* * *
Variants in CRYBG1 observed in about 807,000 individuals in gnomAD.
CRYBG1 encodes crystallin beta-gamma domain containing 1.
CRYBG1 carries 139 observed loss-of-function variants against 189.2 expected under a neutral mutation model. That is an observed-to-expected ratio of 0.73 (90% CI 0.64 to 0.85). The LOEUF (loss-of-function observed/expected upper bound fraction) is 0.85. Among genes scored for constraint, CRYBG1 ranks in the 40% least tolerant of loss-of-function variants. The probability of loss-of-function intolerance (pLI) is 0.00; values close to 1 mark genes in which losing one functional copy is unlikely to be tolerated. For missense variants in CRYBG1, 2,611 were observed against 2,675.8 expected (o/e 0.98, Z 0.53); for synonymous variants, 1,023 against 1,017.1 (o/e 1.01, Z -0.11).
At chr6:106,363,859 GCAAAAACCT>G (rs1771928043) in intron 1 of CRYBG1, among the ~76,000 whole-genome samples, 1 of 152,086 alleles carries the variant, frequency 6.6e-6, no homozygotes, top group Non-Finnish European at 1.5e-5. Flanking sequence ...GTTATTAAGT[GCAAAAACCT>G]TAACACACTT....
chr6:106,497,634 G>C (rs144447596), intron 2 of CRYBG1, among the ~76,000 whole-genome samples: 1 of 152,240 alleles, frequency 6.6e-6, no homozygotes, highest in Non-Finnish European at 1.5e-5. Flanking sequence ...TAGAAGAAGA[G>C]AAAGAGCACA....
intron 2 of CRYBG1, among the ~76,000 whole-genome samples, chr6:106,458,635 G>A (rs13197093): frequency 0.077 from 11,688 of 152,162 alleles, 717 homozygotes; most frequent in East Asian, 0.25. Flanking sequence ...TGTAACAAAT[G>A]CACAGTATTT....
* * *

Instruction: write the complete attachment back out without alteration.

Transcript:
Variants in CRYBG1 observed in about 807,000 individuals in gnomAD.
CRYBG1 encodes crystallin beta-gamma domain containing 1.
CRYBG1 carries 139 observed loss-of-function variants against 189.2 expected under a neutral mutation model. That is an observed-to-expected ratio of 0.73 (90% CI 0.64 to 0.85). The LOEUF (loss-of-function observed/expected upper bound fraction) is 0.85. Among genes scored for constraint, CRYBG1 ranks in the 40% least tolerant of loss-of-function variants. The probability of loss-of-function intolerance (pLI) is 0.00; values close to 1 mark genes in which losing one functional copy is unlikely to be tolerated. For missense variants in CRYBG1, 2,611 were observed against 2,675.8 expected (o/e 0.98, Z 0.53); for synonymous variants, 1,023 against 1,017.1 (o/e 1.01, Z -0.11).
At chr6:106,363,859 GCAAAAACCT>G (rs1771928043) in intron 1 of CRYBG1, among the ~76,000 whole-genome samples, 1 of 152,086 alleles carries the variant, frequency 6.6e-6, no homozygotes, top group Non-Finnish European at 1.5e-5. Flanking sequence ...GTTATTAAGT[GCAAAAACCT>G]TAACACACTT....
chr6:106,497,634 G>C (rs144447596), intron 2 of CRYBG1, among the ~76,000 whole-genome samples: 1 of 152,240 alleles, frequency 6.6e-6, no homozygotes, highest in Non-Finnish European at 1.5e-5. Flanking sequence ...TAGAAGAAGA[G>C]AAAGAGCACA....
intron 2 of CRYBG1, among the ~76,000 whole-genome samples, chr6:106,458,635 G>A (rs13197093): frequency 0.077 from 11,688 of 152,162 alleles, 717 homozygotes; most frequent in East Asian, 0.25. Flanking sequence ...TGTAACAAAT[G>A]CACAGTATTT....